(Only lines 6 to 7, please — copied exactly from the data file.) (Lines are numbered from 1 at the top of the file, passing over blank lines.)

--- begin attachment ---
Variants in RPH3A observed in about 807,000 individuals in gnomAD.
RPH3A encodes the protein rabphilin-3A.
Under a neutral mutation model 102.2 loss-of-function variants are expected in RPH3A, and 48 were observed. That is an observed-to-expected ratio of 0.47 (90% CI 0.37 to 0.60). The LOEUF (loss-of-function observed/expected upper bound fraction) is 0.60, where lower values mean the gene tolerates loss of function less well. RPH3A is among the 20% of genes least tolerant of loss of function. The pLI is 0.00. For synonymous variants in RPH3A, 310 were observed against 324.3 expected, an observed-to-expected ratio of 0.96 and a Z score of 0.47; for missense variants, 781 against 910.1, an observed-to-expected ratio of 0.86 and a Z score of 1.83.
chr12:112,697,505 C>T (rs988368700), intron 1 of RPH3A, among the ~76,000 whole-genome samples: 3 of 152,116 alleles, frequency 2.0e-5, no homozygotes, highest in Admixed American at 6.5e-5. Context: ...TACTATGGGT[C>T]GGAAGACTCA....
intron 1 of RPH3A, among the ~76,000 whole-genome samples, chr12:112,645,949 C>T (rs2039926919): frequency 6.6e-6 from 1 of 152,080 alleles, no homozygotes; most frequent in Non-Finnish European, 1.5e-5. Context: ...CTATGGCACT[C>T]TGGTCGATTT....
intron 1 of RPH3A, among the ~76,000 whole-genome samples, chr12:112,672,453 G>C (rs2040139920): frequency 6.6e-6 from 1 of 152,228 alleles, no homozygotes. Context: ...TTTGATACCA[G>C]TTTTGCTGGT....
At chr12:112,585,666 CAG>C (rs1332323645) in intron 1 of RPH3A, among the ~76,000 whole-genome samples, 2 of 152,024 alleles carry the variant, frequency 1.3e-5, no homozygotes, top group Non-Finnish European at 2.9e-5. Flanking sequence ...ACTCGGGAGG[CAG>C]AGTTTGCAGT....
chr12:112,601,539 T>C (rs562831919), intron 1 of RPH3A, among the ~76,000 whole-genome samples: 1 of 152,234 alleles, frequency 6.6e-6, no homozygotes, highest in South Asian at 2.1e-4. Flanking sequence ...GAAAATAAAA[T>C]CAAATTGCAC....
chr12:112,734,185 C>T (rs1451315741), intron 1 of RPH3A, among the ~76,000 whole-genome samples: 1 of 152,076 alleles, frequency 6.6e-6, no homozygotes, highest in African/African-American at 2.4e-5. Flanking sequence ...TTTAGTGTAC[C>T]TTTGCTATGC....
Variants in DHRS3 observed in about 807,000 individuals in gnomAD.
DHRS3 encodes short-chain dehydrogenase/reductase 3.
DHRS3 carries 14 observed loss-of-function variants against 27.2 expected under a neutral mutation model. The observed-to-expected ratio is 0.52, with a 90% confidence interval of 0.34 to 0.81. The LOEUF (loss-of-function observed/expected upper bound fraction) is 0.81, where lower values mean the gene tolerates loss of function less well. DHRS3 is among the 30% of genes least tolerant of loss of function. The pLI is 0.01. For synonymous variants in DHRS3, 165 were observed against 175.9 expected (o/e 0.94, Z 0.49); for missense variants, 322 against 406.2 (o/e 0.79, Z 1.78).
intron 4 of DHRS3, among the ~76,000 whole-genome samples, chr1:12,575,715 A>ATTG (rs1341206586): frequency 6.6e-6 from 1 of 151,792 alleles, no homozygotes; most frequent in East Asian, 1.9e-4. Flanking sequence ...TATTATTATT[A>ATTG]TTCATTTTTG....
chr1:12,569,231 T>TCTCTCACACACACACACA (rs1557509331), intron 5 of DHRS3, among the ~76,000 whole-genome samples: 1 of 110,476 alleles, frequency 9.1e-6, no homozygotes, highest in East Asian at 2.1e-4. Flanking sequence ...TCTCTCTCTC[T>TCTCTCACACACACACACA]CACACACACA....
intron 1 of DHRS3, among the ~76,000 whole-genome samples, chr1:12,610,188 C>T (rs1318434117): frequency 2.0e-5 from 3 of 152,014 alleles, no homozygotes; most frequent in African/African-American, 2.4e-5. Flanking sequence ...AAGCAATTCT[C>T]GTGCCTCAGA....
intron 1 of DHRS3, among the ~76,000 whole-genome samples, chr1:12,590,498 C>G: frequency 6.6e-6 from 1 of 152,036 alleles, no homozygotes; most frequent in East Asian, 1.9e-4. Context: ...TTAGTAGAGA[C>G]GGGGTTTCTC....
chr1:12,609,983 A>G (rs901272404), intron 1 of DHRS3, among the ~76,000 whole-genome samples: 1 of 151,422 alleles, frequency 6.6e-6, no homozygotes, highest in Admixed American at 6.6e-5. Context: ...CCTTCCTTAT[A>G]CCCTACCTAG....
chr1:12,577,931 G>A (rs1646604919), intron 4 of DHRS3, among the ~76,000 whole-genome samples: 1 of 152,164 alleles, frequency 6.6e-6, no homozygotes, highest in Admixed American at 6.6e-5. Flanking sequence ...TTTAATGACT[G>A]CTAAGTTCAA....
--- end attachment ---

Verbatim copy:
intron 1 of RPH3A, among the ~76,000 whole-genome samples, chr12:112,672,453 G>C (rs2040139920): frequency 6.6e-6 from 1 of 152,228 alleles, no homozygotes. Context: ...TTTGATACCA[G>C]TTTTGCTGGT....
At chr12:112,585,666 CAG>C (rs1332323645) in intron 1 of RPH3A, among the ~76,000 whole-genome samples, 2 of 152,024 alleles carry the variant, frequency 1.3e-5, no homozygotes, top group Non-Finnish European at 2.9e-5. Flanking sequence ...ACTCGGGAGG[CAG>C]AGTTTGCAGT....